Academic journal article Economic Review - Federal Reserve Bank of Kansas City

The Role of Community Banks in the U.S. Economy

Academic journal article Economic Review - Federal Reserve Bank of Kansas City

The Role of Community Banks in the U.S. Economy

Article excerpt

The Role of Community Banks in the U.S. Economy

The U.S. banking system is unusual in consisting not only of some very large banks but also a large number of relatively small community banks. This bifurcated banking structure resulted largely from a legal framework that, in the past, restricted banks' abilities to diversify geographically. This institutional structure, in turn, reflected a long-standing concern in the United States about the concentration of banking power in a few very large institutions located far away from many of the customers they serve.

The bifurcated banking system in the United States has served the economy well. Over time, with regulatory change and financial innovation, large banks have become complex organizations engaged in a wide range of activities. They provide a variety of services to their customers, but often rely on hard financial information, computer models, and centralized decision-making as the basis for conducting business. In contrast, small banks have focused more on "relationship banking," basing decisions on personal knowledge of customers' creditworthiness and a keen understanding of business conditions in the communities they serve. In this way, the bifurcated banking system has served the needs of a diverse U.S. economy composed of businesses of all shapes and sizes and consumers with diverse needs and preferences.

While community banks have a clear place in the U.S. banking system, some analysts have questioned whether they play a sufficiently important role in the economy to warrant public interest and oversight. With increased merger activity over the last 20 years, the number of community banks-while still quite large-has declined. In addition, small banks pose little systemic risk to the nation's financial system. And, if community banks were not there, other financial services providers might readily step in to take their place.

This article examines the role of community banks in the U.S. economy. The first section of the article argues that, while community banks hold only a small share of the nation's banking assets, they provide important financial services-for which there are few, if any, substitutes-to some key sectors of the economy. The second section argues that community banks will continue to play an important role in the banking industry, even as technology and market conditions change. The paper concludes that the Federal Reserve therefore has a strong interest in understanding issues facing community banks.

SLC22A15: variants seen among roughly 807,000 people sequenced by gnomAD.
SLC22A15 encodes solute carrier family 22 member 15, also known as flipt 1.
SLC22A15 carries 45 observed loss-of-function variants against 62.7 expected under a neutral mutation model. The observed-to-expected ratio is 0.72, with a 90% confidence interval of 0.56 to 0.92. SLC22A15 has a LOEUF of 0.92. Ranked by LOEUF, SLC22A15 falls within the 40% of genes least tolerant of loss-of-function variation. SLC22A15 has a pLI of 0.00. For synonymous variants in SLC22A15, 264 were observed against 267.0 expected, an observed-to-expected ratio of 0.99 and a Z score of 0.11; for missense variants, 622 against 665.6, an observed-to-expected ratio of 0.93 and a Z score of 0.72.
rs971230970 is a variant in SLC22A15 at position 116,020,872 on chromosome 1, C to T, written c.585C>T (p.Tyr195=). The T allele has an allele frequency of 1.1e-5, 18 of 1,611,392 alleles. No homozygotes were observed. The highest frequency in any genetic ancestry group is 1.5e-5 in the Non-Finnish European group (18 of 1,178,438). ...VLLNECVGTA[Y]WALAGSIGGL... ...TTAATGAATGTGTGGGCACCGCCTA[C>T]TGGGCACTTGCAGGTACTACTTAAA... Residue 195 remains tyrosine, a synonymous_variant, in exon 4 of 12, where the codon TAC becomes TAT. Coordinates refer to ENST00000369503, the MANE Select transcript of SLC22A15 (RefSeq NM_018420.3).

The banking system in the United States has always been unique in the sense of containing large numbers of small banks closely tied to their local communities. But the banking system in this country has also undergone tremendous change during the last 20 years due to deregulation and mergers. While community banks still comprise the vast majority of banks, the question arises whether their role in the banking system has declined to the point of insignificance. This section shows that community banks account for a much smaller share of total banking activity than they did 20 years ago, but that they still play a key role serving certain types of communities and providing certain types of banking services.

Definition of a community bank

There is no single definition of a community bank. However, most people think of community banks as having two key characteristics-they are small in size, and they do most of their business in the community in which they are located. Because these two characteristics tend to go together and because size is easy to measure, common practice is to define community banks as those below a certain size threshold.

This article also adopts this approach, defining community banks solely in terms of their size. It is important to note, however, that such a definition can lead to anomalies. Some highly specialized banks may be classified as community banks because of their small size but still do business over a broad geographic area. …

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